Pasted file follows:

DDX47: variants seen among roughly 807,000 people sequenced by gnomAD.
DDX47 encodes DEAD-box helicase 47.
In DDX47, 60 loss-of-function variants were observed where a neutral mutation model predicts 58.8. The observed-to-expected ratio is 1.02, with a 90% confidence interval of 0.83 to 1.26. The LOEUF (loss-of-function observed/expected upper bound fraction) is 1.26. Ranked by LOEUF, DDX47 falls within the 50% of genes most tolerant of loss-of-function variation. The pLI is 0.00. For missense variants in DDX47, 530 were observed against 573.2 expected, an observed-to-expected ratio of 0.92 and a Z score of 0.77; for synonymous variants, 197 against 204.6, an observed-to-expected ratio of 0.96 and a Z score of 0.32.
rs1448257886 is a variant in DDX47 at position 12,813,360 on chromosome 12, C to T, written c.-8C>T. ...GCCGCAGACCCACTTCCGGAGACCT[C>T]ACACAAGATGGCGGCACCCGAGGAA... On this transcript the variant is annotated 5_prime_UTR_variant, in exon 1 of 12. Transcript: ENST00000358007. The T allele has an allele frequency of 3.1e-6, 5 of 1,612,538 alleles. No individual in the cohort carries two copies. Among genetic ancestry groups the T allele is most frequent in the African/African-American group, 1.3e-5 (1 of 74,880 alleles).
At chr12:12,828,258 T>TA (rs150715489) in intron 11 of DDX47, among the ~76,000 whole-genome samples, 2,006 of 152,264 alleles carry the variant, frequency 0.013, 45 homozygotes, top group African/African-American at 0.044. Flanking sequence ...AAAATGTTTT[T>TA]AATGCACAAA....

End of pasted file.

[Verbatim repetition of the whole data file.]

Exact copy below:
DDX47: variants seen among roughly 807,000 people sequenced by gnomAD.
DDX47 encodes DEAD-box helicase 47.
In DDX47, 60 loss-of-function variants were observed where a neutral mutation model predicts 58.8. The observed-to-expected ratio is 1.02, with a 90% confidence interval of 0.83 to 1.26. The LOEUF (loss-of-function observed/expected upper bound fraction) is 1.26. Ranked by LOEUF, DDX47 falls within the 50% of genes most tolerant of loss-of-function variation. The pLI is 0.00. For missense variants in DDX47, 530 were observed against 573.2 expected, an observed-to-expected ratio of 0.92 and a Z score of 0.77; for synonymous variants, 197 against 204.6, an observed-to-expected ratio of 0.96 and a Z score of 0.32.
rs1448257886 is a variant in DDX47 at position 12,813,360 on chromosome 12, C to T, written c.-8C>T. ...GCCGCAGACCCACTTCCGGAGACCT[C>T]ACACAAGATGGCGGCACCCGAGGAA... On this transcript the variant is annotated 5_prime_UTR_variant, in exon 1 of 12. Transcript: ENST00000358007. The T allele has an allele frequency of 3.1e-6, 5 of 1,612,538 alleles. No individual in the cohort carries two copies. Among genetic ancestry groups the T allele is most frequent in the African/African-American group, 1.3e-5 (1 of 74,880 alleles).
At chr12:12,828,258 T>TA (rs150715489) in intron 11 of DDX47, among the ~76,000 whole-genome samples, 2,006 of 152,264 alleles carry the variant, frequency 0.013, 45 homozygotes, top group African/African-American at 0.044. Flanking sequence ...AAAATGTTTT[T>TA]AATGCACAAA....